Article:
Canada Live Updates: Police Mobilize as Protest Clampdown Looms

After three weeks of protests, Ontario’s provincial police appeared to be preparing to crack down on the demonstrators by mobilising outside Ottawa’s city centre Thursday.

After a convention centre near the airport had been used for their gathering, police officers were spotted getting into their vehicles in the early morning hours. The cops began to disperse from a large parking lot.

At least two police officers boarded the city’s west end-bound buses after they sat idle on a street adjacent to the convention centre for five minutes.

A group of Ottawa police officers stationed at the parking lot’s entrance refused to say why they were there.

Construction workers in the early morning rain erected 12-foot-high wire fencing around downtown’s Parliament building. Anti-police protesters were preparing for a showdown. There was Andrew Broe, a trucker who said he had been exchanging text messages with protest leaders.

He told them to stay in their vehicles, lock the doors, and not open them for anyone, including the police.

To start the protests, a loosely organised group of truckers objected to a vaccination requirement when crossing into Canada. Using the help of right-wing activists, the movement grew to include a wide range of pandemic measures and Prime Minister Justin Trudeau.

For Mr. Trudeau’s leadership to be undermined and the local economy to be disrupted, it would be beneficial if the clampdown were to take place. Automakers were forced to idle their plants due to truckers’ blockade of major border crossings and other routes. Some people in Ottawa blocked streets and harassed residents, resulting in a nonstop cacophony in otherwise quiet residential areas.

Despite the fact that many of the protesters belong to fringe groups, others are simply tired of the pandemic restrictions that have been imposed on them. There has been little to no violence.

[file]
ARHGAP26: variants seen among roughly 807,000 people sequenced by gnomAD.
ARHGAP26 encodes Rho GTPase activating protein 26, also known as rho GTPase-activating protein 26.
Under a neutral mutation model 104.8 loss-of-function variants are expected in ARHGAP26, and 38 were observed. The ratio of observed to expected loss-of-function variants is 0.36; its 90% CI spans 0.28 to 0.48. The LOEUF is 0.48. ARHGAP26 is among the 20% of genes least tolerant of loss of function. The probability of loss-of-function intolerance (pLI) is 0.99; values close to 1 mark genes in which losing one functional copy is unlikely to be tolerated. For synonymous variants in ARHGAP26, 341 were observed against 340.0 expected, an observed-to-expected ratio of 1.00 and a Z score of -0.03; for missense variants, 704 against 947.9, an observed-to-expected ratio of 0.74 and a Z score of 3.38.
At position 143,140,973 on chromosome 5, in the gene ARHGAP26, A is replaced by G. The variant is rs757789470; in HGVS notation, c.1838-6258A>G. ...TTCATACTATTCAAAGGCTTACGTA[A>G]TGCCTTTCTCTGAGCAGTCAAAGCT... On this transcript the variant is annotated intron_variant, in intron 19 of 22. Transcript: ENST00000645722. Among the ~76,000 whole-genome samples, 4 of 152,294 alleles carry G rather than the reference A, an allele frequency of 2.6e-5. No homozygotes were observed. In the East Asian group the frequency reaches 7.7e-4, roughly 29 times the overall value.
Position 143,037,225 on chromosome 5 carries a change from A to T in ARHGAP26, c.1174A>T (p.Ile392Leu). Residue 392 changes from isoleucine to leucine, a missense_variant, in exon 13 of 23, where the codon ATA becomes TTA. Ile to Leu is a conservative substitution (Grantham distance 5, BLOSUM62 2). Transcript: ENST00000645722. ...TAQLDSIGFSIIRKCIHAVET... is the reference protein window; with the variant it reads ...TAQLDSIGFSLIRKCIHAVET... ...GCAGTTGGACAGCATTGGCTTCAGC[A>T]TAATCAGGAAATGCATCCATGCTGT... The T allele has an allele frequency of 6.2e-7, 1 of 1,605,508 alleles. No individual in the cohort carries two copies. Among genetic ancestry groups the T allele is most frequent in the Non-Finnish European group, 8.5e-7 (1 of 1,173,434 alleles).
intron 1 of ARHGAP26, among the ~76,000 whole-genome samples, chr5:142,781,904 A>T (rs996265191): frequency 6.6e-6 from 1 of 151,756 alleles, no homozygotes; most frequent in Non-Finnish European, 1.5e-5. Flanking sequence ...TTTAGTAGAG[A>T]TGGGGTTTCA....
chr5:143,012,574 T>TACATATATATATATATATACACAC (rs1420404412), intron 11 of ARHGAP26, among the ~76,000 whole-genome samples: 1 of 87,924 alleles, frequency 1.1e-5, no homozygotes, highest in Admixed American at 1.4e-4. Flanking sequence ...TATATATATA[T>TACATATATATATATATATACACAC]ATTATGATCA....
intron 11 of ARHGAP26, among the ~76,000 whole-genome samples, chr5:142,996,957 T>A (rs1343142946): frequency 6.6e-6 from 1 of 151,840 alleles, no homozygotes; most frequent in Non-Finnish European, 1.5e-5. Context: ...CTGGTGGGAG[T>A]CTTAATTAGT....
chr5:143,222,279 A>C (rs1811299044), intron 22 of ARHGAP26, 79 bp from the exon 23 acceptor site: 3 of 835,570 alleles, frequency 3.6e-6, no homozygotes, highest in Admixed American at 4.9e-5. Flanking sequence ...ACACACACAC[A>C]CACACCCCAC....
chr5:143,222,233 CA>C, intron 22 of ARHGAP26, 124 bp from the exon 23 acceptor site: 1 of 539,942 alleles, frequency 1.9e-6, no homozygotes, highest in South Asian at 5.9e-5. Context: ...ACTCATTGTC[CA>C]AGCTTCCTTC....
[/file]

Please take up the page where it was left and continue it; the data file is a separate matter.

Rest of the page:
Ottawa residents and many Canadians have grown increasingly frustrated with the police response, and the city’s police chief resigned earlier this week amid criticism of the force..

To put an end to the demonstrations, Prime Minister Trudeau took the unusual step of declaring a national public order emergency. Protest fund-raising, which has been labelled a criminal act, as well as the demonstrators’ personal and business bank accounts were targeted as part of the move.

It’s been 50 years since emergency powers were used in Canada, so it’s about time.

Interim Ottawa Police Chief Steve Bell told the City Council on Wednesday that the force has all it needs to put down the protest. Police officers are prepared to use tactics that “are not what we’re used to seeing in Ottawa,” he said, citing operational reasons, as part of a “lawful escalation.”

Mr. Bell declared, “We’re taking back the entire downtown core.” This occupation can be ended with a well-resourced strategy, according to the president.

Police in Ottawa also started handing out warning letters to remaining protestors on Wednesday, threatening penalties if they didn’t vacate the area.

It was on Tuesday that four people were charged with conspiracy to murder police officers as part of a group of 13 people charged with planning a violent response if the police attempted to break up an Alberta and Montana border crossing blockade at Coutts.

After initially being reluctant to take action, government leaders and law enforcement officials have taken a steadily tougher stance on the protests across the country.

The border blockades in Windsor, Ontario, which connects to Detroit, Coutts, and Emerson, Manitoba, which crosses into North Dakota on Wednesday, have all been lifted.